On the paths to successful careers, Pitt alumni do it all. They veer, they pivot, they persist, they overcome. But then there are those who take hard left turns, leaving the path they know to venture into uncharted territory.
Katy Nesbitt — the University of Pittsburgh’s 2023 undergraduate commencement speaker — is one of those alumni. She earned a PhD in chemistry at Pitt before landing a coveted position as an assistant professor at Towson University near Baltimore. But, along the way, she nurtured a second passion: officiating professional soccer games. Eventually, she had to make a choice between the two.
“I knew my window for achieving my refereeing goals was always going to be decided by my physical ability, which has a limit,” she told Pitt Magazine in 2022. “I had the evidence that I could be successful at my goals and that the sacrifice of leaving chemistry was worth it.”
Last summer, Nesbitt (A&S ’15G) made history as the first woman to officiate a men’s World Cup final.
But she’s far from the only Pitt graduate to take a leap into the unknown. We peered into Pitt Magazine’s archives to find a few more alumni who demonstrate that a rewarding career path doesn’t have to be a straight line.
Even though George “Geo” Bivins felt “called to music,” he built a thriving career in something a little less artistic — economics and data analysis. Yet, even after landing a job as an information systems auditor with the music company MCA in Los Angeles, he couldn’t help but follow his passion. Bivins (BUS ’82) began a street promotions enterprise that helped to kick-start the high-wattage career of rapper Notorious B.I.G. Eventually, his trajectory carried him to Jive Records, Capitol Records and RCA, a path that allowed him to promote high-profile gospel and hip-hop artists such as Alicia Keys and Usher.
Today, he continues to bounce to his own beat. Recently, The Living Legends Foundation, which honors icons of the music industry, named him a 2022 honoree thanks to his excellence and trendsetting in publicity, marketing and more.
Sometimes, all you need in life is a really good cookie. That’s what Pitt alumnus Chris Taylor delivers through his dessert-focused website, baking classes and cookbooks. Taylor (SHRS ’04, GSPH ’10), who is the director of infectious disease outbreak response and recovery at a national nonprofit, began his foray into baking in 2011. Alongside his husband, Paul Arguin, he’s won more than 600 baking awards, including Best of Show at the American Pie Council’s National Pie Championship.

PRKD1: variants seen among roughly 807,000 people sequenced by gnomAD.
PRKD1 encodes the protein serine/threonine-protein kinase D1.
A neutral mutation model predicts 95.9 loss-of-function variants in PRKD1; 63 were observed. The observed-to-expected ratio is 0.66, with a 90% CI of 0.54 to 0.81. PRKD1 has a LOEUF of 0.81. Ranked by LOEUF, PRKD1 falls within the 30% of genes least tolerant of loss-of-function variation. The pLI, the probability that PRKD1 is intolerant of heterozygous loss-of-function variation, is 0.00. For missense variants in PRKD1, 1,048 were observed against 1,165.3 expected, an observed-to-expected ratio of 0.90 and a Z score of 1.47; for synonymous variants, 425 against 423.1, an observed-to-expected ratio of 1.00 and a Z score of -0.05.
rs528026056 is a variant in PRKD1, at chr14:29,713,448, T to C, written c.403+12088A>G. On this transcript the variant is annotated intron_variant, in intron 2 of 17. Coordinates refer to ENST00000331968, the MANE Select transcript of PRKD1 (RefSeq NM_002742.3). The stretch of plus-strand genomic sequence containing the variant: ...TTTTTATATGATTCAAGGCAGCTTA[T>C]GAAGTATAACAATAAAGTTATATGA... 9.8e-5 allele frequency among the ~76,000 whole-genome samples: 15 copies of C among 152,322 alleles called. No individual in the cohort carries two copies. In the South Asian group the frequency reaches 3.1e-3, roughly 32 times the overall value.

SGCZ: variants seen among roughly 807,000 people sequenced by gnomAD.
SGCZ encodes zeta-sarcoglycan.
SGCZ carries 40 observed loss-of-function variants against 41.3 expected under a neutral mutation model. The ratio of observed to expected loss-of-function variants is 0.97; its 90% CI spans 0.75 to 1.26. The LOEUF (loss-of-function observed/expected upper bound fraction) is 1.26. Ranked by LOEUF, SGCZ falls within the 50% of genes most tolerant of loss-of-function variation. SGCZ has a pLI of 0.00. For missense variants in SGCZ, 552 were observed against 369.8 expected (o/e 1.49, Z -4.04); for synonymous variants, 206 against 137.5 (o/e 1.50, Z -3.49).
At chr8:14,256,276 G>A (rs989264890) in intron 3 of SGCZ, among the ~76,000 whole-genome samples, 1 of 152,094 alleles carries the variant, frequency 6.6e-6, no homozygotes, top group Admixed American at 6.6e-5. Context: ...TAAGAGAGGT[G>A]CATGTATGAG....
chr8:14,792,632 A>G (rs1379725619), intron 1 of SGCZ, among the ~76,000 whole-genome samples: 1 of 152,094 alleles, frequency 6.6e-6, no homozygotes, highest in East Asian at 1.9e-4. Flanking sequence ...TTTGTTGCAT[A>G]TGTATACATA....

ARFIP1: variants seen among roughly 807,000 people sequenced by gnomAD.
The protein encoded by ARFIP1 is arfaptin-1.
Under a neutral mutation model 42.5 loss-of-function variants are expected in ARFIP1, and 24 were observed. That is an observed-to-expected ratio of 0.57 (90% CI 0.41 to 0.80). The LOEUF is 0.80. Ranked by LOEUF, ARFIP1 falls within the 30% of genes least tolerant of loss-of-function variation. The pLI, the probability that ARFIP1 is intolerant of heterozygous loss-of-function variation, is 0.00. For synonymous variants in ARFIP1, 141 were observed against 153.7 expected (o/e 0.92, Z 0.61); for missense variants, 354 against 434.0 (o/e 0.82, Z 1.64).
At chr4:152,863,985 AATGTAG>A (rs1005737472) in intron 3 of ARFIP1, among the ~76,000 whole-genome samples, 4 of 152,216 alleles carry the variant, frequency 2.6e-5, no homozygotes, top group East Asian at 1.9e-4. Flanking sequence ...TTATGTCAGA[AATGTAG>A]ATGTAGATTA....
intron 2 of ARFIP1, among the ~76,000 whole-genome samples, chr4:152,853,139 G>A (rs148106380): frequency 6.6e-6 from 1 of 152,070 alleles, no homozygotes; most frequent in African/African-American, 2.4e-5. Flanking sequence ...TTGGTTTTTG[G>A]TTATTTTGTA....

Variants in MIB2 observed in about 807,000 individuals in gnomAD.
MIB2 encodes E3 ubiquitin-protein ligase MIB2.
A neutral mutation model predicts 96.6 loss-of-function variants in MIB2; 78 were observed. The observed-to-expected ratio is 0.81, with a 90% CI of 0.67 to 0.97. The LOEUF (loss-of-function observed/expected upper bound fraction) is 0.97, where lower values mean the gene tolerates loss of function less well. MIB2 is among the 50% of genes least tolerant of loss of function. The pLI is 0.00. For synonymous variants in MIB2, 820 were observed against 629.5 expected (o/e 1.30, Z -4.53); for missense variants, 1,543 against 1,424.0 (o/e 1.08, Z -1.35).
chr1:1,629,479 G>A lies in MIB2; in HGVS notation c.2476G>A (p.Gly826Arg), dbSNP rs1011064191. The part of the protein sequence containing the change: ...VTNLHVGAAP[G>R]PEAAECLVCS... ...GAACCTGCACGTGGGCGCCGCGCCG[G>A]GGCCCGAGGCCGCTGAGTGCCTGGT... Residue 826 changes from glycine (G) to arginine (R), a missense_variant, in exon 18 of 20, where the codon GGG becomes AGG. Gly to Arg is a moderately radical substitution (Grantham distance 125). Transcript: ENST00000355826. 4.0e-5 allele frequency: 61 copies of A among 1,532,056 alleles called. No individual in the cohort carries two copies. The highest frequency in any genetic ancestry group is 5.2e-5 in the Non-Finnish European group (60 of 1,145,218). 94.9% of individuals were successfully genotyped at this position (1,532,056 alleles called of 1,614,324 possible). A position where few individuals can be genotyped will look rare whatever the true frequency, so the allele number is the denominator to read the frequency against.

The duo recently released a new book called “Fabulous Modern Cookies.” Just like the pie recipes in their first book, these cookie recipes focus on fanciful flavors and — unsurprising for a public health grad — scientific precision.
In 2020, Tierra Thorne, a dedicated youth and mental health social worker, wanted to help others find peace and comfort in the face of the COVID-19 pandemic and the murder of George Floyd. So, she took a leap — out of the clinic and into a different kind of creative care. She created Blanket & Board, a concierge catering company that “specializes in intimate gatherings and picnics featuring a charcuterie menu to promote self-care, civil discourse and connection.”
Today, the business is growing — and so is Thorne (SOC WK ’16G). She’s left her social work position and is ready to invest full time in herself and her business.
“I’m still a social worker at heart,” she says. “But now I’m using nature and food to connect people.”
The sky was no limit for 22-year-old Abbas “Bobby” Quamar. He was a top graduate from flight school and about to launch a career as a pilot. Then, an in-air accident injured his eyes, leaving him with irreversible blindness. Quamar (SHRS ’18G), inspired by his mom, dedicated himself to beginning again. He left his hometown of Indore, India, and eventually landed at Pitt’s School of Health and Rehabilitation Sciences, where he focused on assistive technology. His new direction helped him discover there is so much he can do, “not just for myself, but for others.”
Today, he’s still soaring as a noted researcher and assistant professor of rehabilitation counseling at the University of Arkansas at Little Rock.
Playing professional football was Joseph Villani’s dream. And he achieved it, making the rosters of the New York Jets, Tampa Bay Buccaneers and Atlanta Falcons. But then a shoulder injury forced him to reassess his game plan. Remembering the joy he got from coaching elementary-school athletes in his college days, Villani (A&S ’05, EDUC ’12G) decided to return to Pitt for his teaching certificate and then a master’s degree. Today, he’s the principal of Bethel Park High School, located outside Pittsburgh.
“Everyone’s path is different, and there are numerous ways to get there, you just have to take the next step,” he says.
This story was published on April 27, 2023.